A: Kazmir spent last season pitching for a team called the Sugar Land Skeeters, and although that seemed like a giant step back, it probably helped set the stage for his comeback, as he was able to work on his mechanics in a low-pressure environment. He came into camp a longshot to make the club (Daisuke Matsuzaka was supposed to be the NRI to make the rotation), but he immediately wowed everyone with his stuff. At times he's thrown his fastball at 95-96 mph, and when he's had his good stuff he's been as good as any pitcher in the league. But because he essentially was out of baseball for two seasons the Indians have had to really manage him throughout the season, whether it be taking him out early if he tweaked something, or even skipping his spot in the rotation.
Q: The Indians recently dropped Mark Reynolds and extended the contract of Ryan Raburn. What do you have to say about these transactions, and are they at all related? (That is, is Raburn taking at-bats which used to go to Reynolds?)
A: You're right on the money. Reynolds almost single-handedly carried in the Indians in April, but since early May he's been one of the worst hitters in baseball. And with players like Ryan Raburn and Yan Gomes having very nice seasons, Reynolds saw his playing time dwindle. And it's hard to break out of dreadful slump if you don't get regular at-bats.
Q: Your favorite former Athletic: Nick Swisher or Jason Giambi?
A: Wow, that's a tough one. The Swisher signing was a real big deal for a franchise that free agents normally stay from, and with his Ohio roots (there's now a section in Progressive now called "Brohio," named after his favorite phrase) he's been very popular with the fans. While Giambi has had some of the biggest hits of the year, including a three-run homer on Wednesday that tied the game, all while serving as a de facto coach, I'll go with Swish.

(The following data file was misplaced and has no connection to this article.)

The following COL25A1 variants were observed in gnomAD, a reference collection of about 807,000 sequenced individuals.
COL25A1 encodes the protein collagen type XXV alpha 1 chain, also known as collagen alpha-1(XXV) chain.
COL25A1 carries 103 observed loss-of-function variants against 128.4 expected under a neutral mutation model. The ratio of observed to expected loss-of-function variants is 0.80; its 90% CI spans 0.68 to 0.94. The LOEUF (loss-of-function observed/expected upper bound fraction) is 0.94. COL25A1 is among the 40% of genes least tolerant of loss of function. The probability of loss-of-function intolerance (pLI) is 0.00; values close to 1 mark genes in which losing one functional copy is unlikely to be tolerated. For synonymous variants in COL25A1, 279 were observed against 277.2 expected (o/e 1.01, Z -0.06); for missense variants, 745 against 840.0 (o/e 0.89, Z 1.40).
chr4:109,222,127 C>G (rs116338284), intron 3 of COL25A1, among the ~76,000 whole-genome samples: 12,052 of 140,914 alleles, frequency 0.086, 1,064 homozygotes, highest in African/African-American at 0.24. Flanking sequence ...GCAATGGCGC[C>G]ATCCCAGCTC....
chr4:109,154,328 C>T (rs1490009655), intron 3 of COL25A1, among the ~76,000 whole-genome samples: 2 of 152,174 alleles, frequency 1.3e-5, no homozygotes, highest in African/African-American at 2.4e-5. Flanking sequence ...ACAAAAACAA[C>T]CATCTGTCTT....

Q: Chris Perez: Passionate athlete, or kind of a douchebag?
A: He's a tough player to root for. He's always lacked a filter between his brain and his mouth, and while at times that kind of honesty is refreshing from an athlete, many other times it's gotten him into big trouble. He's stopped talking to the media and has shut down his Twitter account, but that hasn't stopped the controversies, as earlier this summer he was charged with a drug misdemeanor when he had marijuana sent to his house (addressed to his dog). And he hasn't been that effective as a closer this season, missing some time because of injuries and blowing some crucial saves. There's a good chance he will be pitching for someone else next season, and I don't think many Tribe fans will be sad to see him go.
Q: Who do you like more: Carlos Santana the catcher, or Carlos Santana the guitarist?
A: I'll hedge my bets by saying that I like Santana the hitter better than either. Santana the catcher has struck some discordant notes this season, to the point where Yan Gomes is getting about the same amount of innings behind the plate as Santana right now. But Santana the hitter is still impressive, and the Indians have tried to find ways to get both Santana and Gomes in the lineup at the same time.
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The series kicks off tonight at 7:05pm, with A.J. Griffin facing Justin Masterson. The A's will also see Jimenez and Kazmir in this series, so it could go anywhere from really, really well to really, really poorly. That's the kind of expert analysis that you can only get on Athletics Nation. Baseballgirl will have your thread.